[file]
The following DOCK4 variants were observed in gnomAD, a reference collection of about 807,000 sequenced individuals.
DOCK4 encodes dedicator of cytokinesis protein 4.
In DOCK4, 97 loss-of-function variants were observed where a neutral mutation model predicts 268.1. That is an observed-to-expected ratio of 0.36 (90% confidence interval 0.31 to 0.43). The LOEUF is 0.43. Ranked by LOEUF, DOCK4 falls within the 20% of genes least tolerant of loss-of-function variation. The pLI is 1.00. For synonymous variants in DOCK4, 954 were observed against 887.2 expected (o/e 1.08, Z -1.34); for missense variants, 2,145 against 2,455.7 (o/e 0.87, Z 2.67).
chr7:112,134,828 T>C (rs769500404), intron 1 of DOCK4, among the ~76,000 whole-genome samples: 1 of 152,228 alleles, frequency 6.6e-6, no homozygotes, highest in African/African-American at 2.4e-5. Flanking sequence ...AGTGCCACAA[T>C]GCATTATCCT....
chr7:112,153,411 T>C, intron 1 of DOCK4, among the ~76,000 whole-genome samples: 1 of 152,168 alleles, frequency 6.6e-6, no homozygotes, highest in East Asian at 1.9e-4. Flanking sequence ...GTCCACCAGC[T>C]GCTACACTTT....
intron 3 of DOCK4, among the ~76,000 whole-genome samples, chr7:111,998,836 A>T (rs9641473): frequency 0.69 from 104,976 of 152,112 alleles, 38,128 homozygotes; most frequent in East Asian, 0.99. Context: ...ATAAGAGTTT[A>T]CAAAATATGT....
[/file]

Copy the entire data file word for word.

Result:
The following DOCK4 variants were observed in gnomAD, a reference collection of about 807,000 sequenced individuals.
DOCK4 encodes dedicator of cytokinesis protein 4.
In DOCK4, 97 loss-of-function variants were observed where a neutral mutation model predicts 268.1. That is an observed-to-expected ratio of 0.36 (90% confidence interval 0.31 to 0.43). The LOEUF is 0.43. Ranked by LOEUF, DOCK4 falls within the 20% of genes least tolerant of loss-of-function variation. The pLI is 1.00. For synonymous variants in DOCK4, 954 were observed against 887.2 expected (o/e 1.08, Z -1.34); for missense variants, 2,145 against 2,455.7 (o/e 0.87, Z 2.67).
chr7:112,134,828 T>C (rs769500404), intron 1 of DOCK4, among the ~76,000 whole-genome samples: 1 of 152,228 alleles, frequency 6.6e-6, no homozygotes, highest in African/African-American at 2.4e-5. Flanking sequence ...AGTGCCACAA[T>C]GCATTATCCT....
chr7:112,153,411 T>C, intron 1 of DOCK4, among the ~76,000 whole-genome samples: 1 of 152,168 alleles, frequency 6.6e-6, no homozygotes, highest in East Asian at 1.9e-4. Flanking sequence ...GTCCACCAGC[T>C]GCTACACTTT....
intron 3 of DOCK4, among the ~76,000 whole-genome samples, chr7:111,998,836 A>T (rs9641473): frequency 0.69 from 104,976 of 152,112 alleles, 38,128 homozygotes; most frequent in East Asian, 0.99. Context: ...ATAAGAGTTT[A>T]CAAAATATGT....